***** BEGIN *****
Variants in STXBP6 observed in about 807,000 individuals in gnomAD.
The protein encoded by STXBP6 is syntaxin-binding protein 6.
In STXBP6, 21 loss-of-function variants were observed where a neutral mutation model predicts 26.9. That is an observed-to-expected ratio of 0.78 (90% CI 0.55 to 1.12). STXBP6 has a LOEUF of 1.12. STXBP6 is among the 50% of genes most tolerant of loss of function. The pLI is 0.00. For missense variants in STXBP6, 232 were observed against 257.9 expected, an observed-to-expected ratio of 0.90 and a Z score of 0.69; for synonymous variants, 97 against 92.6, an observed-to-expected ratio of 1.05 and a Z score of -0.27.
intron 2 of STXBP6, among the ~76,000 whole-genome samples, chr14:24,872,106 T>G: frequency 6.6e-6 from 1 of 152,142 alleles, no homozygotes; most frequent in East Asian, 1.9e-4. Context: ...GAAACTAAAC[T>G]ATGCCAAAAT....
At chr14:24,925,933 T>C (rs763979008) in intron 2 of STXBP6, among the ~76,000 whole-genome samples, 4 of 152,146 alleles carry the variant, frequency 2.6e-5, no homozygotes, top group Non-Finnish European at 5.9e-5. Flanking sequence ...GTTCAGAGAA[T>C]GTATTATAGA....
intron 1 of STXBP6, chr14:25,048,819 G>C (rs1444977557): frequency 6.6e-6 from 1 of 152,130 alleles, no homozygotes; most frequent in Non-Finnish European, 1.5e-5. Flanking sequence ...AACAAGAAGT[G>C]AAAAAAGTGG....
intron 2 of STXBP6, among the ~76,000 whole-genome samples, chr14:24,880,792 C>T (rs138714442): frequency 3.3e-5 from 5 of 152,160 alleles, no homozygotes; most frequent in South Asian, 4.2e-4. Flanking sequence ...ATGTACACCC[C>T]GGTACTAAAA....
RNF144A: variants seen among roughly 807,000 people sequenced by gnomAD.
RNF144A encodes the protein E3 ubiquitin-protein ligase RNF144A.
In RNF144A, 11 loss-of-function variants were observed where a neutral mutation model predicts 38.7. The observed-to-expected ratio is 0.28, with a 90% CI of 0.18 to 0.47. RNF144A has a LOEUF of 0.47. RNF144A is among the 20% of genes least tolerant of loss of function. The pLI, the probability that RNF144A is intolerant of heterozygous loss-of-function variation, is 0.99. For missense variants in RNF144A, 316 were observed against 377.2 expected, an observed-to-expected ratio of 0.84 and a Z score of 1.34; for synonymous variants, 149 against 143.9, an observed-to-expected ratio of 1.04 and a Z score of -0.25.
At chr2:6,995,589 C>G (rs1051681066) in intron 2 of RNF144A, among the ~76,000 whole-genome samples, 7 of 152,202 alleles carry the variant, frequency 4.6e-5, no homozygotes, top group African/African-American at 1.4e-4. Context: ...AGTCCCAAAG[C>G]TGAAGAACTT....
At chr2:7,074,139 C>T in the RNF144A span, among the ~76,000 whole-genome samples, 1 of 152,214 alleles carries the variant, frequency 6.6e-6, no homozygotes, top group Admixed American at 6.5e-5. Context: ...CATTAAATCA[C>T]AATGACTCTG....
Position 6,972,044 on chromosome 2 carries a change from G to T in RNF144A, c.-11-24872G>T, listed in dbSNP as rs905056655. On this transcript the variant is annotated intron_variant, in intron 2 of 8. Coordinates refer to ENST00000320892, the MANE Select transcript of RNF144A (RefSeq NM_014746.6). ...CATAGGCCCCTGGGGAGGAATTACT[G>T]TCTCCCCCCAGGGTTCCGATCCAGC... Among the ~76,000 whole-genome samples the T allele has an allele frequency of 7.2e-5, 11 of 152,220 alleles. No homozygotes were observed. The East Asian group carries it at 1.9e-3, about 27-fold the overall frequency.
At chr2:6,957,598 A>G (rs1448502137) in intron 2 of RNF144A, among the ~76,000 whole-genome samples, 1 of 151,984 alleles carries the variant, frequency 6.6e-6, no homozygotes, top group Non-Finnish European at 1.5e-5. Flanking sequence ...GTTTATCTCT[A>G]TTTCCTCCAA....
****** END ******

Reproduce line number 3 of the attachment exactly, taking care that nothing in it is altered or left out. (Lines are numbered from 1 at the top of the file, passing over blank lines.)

In STXBP6, 21 loss-of-function variants were observed where a neutral mutation model predicts 26.9. That is an observed-to-expected ratio of 0.78 (90% CI 0.55 to 1.12). STXBP6 has a LOEUF of 1.12. STXBP6 is among the 50% of genes most tolerant of loss of function. The pLI is 0.00. For missense variants in STXBP6, 232 were observed against 257.9 expected, an observed-to-expected ratio of 0.90 and a Z score of 0.69; for synonymous variants, 97 against 92.6, an observed-to-expected ratio of 1.05 and a Z score of -0.27.